Hopeful on health careI believe that it is time to look at the health care debate with a little historical perspective. The United States is a country born from controversy and contradiction.
By: John Mueller, Hudson, Hudson Star-Observer
I believe that it is time to look at the health care debate with a little historical perspective.
The United States is a country born from controversy and contradiction. While Thomas Jefferson was penning the declaration of independence, his slaves were sweating in the fields of his Virginia Plantation.
After the early settlers proclaimed manifest destiny claiming this new land was a gift from God, they proceeded to spend the next 100 years raping and pillaging its resources. Their God was weeping.
While this new nation held itself up as a beacon of hope, justice and freedom to the world, they were destroying 1000s of years of Native American Culture, which by today’s standards would be considered genocide. And while we proclaimed that democracy’s power was derived from the ability of the people to choose their own leaders, there were those that were denied the right to vote simply because of the color of their skin. And so it goes with health care.
We proclaim to have the best health care in the world attracting people from all over the globe to seek treatment at renowned medical centers such as Mayo, yet over 40 million Americans would never be able to access that same health care. We claim that we are created equal, yet if you work in the halls of congress you get a premium health care plan, with your own congressional doctor while others who work 40 hours a week, paying the taxes that support those premium plans, get a limited care plan that only pays up to $1000.00 in medical expenses. That’s half a visit to the emergency room.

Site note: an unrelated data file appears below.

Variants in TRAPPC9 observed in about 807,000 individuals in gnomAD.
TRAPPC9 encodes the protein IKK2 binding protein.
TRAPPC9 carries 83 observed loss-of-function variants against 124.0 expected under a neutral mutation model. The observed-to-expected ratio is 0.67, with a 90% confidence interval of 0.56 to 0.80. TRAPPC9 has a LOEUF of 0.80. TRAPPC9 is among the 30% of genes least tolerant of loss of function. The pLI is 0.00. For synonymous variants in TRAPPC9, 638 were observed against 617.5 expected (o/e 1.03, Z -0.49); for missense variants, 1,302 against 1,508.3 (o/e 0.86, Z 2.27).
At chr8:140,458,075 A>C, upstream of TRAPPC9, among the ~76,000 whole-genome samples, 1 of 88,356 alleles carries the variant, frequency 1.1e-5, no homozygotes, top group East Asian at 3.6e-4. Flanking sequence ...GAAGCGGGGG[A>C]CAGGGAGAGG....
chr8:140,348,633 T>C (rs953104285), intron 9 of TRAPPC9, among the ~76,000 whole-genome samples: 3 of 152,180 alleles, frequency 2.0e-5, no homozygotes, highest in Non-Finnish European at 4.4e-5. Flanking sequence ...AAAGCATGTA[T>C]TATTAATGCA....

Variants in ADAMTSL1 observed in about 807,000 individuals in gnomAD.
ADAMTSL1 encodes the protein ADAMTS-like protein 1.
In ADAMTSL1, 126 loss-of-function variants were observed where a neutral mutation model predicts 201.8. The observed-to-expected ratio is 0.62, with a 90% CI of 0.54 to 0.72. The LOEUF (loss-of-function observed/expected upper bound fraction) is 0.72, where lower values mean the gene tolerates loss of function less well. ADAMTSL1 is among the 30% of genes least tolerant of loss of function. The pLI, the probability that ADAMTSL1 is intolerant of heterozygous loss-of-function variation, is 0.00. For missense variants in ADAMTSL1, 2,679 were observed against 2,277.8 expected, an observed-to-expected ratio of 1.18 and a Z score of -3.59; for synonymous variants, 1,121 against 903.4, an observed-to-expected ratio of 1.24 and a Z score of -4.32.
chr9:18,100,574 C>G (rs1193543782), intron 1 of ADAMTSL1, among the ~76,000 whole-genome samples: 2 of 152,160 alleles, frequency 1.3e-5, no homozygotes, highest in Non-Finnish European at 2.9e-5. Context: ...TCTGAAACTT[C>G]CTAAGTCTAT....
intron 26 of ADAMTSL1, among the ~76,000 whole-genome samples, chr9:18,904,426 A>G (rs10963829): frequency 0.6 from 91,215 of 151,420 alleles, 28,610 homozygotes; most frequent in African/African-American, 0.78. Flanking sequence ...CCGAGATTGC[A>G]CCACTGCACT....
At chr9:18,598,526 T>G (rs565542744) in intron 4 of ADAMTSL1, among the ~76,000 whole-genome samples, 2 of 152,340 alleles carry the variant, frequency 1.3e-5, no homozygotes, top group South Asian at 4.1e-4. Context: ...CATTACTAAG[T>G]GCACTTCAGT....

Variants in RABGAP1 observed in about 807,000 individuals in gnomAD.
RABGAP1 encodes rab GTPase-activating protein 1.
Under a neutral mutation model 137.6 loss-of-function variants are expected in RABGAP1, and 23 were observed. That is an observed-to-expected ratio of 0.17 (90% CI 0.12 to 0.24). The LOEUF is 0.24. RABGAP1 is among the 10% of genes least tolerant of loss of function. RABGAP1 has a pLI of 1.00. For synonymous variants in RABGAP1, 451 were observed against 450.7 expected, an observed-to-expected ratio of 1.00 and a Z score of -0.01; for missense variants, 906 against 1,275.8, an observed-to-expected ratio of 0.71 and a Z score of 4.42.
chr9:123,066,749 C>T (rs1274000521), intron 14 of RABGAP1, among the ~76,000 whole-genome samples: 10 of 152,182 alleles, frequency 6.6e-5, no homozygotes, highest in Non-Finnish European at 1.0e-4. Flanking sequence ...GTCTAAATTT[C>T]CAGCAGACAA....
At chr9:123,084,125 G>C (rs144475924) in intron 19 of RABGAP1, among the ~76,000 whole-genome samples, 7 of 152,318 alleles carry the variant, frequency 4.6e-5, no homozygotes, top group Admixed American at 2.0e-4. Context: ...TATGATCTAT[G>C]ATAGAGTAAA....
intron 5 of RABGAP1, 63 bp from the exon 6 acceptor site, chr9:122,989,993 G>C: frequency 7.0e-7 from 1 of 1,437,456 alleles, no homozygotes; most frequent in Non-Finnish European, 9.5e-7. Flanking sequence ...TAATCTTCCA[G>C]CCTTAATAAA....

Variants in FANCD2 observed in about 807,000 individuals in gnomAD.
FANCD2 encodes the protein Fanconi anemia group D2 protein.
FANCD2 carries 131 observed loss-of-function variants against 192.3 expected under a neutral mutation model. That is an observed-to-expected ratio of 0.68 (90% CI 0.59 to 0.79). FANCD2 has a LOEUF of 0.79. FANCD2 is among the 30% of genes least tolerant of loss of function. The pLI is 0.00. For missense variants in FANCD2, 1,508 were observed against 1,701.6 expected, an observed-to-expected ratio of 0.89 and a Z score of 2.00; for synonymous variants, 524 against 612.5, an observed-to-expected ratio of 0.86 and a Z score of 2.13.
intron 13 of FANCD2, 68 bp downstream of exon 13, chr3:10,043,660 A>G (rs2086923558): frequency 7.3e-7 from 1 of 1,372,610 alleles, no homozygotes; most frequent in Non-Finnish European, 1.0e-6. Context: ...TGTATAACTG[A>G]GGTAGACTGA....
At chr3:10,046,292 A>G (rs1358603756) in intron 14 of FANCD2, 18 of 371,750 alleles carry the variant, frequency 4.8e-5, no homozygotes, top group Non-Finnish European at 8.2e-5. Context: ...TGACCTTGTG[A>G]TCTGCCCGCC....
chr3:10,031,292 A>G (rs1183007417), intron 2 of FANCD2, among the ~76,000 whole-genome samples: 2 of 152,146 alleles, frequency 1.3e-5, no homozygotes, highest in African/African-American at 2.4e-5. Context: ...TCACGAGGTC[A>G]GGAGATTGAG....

Like most other issues there has been a lot of screaming, misinformation, fear mongering, insults, and downright lying to get people to agree with your side. But I am hopeful.
From the ashes of slash and burned forests, we now have pristine wilderness. Native American culture is now a revered American treasure. The idea that anyone could be denied the right to vote is, today, so archaic that it would be like saying birds can’t fly.
And one day we will look back on the health care issue and say, “You mean that people used to be denied health care coverage simply because they lost their job?” The time is now to overcome one more contradiction to our American ideals.